The majority of ML research concerns slow, statistical learning of i.i.d. samples from large, labelled datasets. Animals do not learn this way. An enviable characteristic of animal learning is `episodic' learning - the ability to memorise a specific experience as a composition of existing concepts, after just one experience, without provided labels. The new knowledge can then be used to distinguish between similar experiences, to generalise between classes, and to selectively consolidate to long-term memory. The Hippocampus is known to be vital to these abilities. AHA is a biologically-plausible computational model of the Hippocampus. Unlike most machine learning models, AHA is trained without external labels and uses only local credit assignment. We demonstrate AHA in a superset of the Omniglot one-shot classification benchmark. The extended benchmark covers a wider range of known hippocampal functions by testing pattern separation, completion, and recall of original input. These functions are all performed within a single configuration of the computational model. Despite these constraints, image classification results are comparable to conventional deep convolutional ANNs.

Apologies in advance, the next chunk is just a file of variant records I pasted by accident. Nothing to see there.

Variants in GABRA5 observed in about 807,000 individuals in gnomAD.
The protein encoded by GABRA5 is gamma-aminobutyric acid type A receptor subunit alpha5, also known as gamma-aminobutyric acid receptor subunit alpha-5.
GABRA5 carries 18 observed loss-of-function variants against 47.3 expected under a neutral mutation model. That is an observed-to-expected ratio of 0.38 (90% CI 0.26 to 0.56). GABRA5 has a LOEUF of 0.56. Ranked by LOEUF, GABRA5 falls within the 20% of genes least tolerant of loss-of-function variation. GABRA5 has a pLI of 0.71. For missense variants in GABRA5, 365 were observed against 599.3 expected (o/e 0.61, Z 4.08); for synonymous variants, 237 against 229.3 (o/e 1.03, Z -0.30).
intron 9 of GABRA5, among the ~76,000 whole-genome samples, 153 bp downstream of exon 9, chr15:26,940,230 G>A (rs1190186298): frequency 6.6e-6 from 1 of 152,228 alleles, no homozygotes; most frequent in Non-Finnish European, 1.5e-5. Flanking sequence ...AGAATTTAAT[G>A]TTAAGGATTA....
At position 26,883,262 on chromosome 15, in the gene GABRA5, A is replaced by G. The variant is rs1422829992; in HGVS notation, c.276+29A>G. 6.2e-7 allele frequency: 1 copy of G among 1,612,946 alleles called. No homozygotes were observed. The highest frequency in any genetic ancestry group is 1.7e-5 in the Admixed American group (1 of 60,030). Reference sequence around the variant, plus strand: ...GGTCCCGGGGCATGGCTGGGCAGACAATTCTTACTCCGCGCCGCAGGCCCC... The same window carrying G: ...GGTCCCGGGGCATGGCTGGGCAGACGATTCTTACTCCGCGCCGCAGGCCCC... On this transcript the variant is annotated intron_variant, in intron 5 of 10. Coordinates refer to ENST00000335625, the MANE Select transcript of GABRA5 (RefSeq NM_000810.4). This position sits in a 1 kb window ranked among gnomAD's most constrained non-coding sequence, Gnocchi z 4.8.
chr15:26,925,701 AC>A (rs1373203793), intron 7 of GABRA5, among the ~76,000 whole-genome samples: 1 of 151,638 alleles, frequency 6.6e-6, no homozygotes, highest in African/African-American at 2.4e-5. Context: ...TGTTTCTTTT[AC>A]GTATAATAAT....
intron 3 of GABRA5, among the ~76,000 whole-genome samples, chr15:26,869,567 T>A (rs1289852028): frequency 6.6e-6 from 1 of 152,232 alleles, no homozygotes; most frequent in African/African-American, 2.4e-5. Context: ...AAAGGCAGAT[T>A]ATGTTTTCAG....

- Pub Date:
- September 2019
- Computer Science - Neural and Evolutionary Computing;
- Computer Science - Machine Learning;
- Quantitative Biology - Neurons and Cognition;
- Statistics - Machine Learning;